(Newsroom America) -- A new USA Today/Gallup survey finds that voters, by a 2-1 margin, believe presumptive GOP presidential nominee Mitt Romney will better manage the economy and create jobs, despite the president's attacks on his business record.
Voters, by a 63-29 percent margin, said they believe Romney is better suited to get the economy moving once again, lower the federal deficit and create a more jobs-friendly business environment.
Those surveyed said his business background, including his time at equity firm Bain Capital, would lead him to make good decisions, not bad ones, in rebuilding the nation's struggling economy.
The poll also had some favorable news for the president. For example, by 2-1 Americans rate Obama as more likeable than Romney. And, by double digits, respondents said the president better understands the problems Americans face in their daily lives. And, the survey said Obama has an 8-point advantage in being seen as honest and trustworthy.
But clearly voters seem most anxious about jobs and the economy, and the survey appears to indicate that Obama's attacks on Romney's business acumen are not having much affect. For that and other reasons, the survey said Romney is generally doing better among the electorate:
-- Republicans and Republican-leaning Independents are much more enthusiastic about voting in November than are Democrats and their Democrat-leaning Independent allies;
-- A record number of Americans are expressing dissatisfaction with the sort of activist government Obama espouses, with 61 percent saying government is trying to do too many things that should normally be left to businesses and individuals (the highest figure since Gallup first began asking the question in 1992, the survey said);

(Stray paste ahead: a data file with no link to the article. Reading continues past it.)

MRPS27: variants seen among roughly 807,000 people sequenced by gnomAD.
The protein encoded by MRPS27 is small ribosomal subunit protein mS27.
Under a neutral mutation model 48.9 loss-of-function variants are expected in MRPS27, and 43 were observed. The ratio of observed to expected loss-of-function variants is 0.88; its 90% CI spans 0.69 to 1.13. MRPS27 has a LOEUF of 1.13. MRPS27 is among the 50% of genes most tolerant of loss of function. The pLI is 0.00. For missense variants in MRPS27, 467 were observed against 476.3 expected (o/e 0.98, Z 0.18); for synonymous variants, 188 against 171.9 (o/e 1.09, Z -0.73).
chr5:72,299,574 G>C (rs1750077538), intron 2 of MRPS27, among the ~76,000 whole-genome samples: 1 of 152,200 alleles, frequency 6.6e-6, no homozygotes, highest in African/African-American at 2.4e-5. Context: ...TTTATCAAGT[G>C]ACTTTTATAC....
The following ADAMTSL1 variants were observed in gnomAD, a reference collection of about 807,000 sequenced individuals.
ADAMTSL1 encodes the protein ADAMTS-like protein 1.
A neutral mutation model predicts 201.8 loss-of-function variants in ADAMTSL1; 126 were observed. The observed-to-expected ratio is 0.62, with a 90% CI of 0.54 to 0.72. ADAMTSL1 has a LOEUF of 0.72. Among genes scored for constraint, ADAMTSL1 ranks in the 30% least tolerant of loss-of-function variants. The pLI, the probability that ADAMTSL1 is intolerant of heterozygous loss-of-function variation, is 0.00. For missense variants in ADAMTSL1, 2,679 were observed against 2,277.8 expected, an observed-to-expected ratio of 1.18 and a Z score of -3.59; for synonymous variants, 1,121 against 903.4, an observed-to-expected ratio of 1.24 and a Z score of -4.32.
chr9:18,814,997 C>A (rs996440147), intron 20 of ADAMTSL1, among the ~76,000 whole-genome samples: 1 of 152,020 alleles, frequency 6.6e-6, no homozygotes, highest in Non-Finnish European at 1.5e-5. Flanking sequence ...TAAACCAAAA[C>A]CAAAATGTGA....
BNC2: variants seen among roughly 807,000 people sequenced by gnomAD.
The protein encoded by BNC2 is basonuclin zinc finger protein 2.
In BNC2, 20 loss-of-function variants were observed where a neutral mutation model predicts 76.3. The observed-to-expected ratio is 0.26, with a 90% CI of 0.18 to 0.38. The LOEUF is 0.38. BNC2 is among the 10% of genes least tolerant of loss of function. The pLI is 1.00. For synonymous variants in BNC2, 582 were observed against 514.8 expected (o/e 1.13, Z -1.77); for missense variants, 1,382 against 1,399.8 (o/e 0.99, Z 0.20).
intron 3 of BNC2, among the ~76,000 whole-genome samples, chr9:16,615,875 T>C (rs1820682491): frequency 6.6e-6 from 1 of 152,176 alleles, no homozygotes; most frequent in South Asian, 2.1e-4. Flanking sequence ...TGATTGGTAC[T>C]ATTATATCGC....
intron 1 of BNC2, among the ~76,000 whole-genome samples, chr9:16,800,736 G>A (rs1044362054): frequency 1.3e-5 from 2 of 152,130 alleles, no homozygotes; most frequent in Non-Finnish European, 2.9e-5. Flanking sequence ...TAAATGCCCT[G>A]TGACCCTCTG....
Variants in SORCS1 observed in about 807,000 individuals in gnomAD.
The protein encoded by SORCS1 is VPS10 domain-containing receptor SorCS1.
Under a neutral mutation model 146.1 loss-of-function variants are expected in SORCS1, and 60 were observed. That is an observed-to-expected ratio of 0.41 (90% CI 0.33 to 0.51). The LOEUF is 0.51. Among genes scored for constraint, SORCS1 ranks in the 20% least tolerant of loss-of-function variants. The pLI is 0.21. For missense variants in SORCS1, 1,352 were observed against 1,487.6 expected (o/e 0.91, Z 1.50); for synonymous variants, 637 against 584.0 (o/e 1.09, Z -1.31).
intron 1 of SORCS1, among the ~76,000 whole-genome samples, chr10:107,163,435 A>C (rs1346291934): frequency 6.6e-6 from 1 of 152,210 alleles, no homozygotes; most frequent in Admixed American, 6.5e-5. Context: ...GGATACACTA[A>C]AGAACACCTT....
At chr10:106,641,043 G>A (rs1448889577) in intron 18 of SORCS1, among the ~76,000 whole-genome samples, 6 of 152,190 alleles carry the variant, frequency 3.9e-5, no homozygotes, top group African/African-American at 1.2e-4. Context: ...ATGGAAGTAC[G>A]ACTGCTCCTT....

-- Democratic attempts to paint Romney in a negative light seem to be ineffective; in February, 53 percent of Americans said they thought the former Massachusetts governor had the leadership qualities and personality to be president, but 54 percent do now.
The poll of 1,030 adults Thursday through Sunday has a margin of error of plus- or minus-4 percentage points.
"You've got to give the voters credit — economic reality trumps campaign rhetoric," Romney pollster Neil Newhouse told the paper. "It's pretty clear that the negative weight of the economy is having more impact on voters than President Obama's campaign ads distorting Gov. Romney's record."
Obama spokesman Ben LaBolt said other surveys, such as a recent one by ABC News/Washington Post, showed that the president's attacks on Romney over his tenure at Bain were having an effect.
"While Mitt Romney has claimed for the past year that he knows how to create jobs because he did it as a corporate buyout specialist, Americans are just now learning about his real record — that he profited off of bankrupting companies and outsourcing jobs," he said.
Romney's camp has disputed that, saying most of Bain's outsourcing came after he stepped down as head of the firm to lead the Olympics in Salt Lake City.
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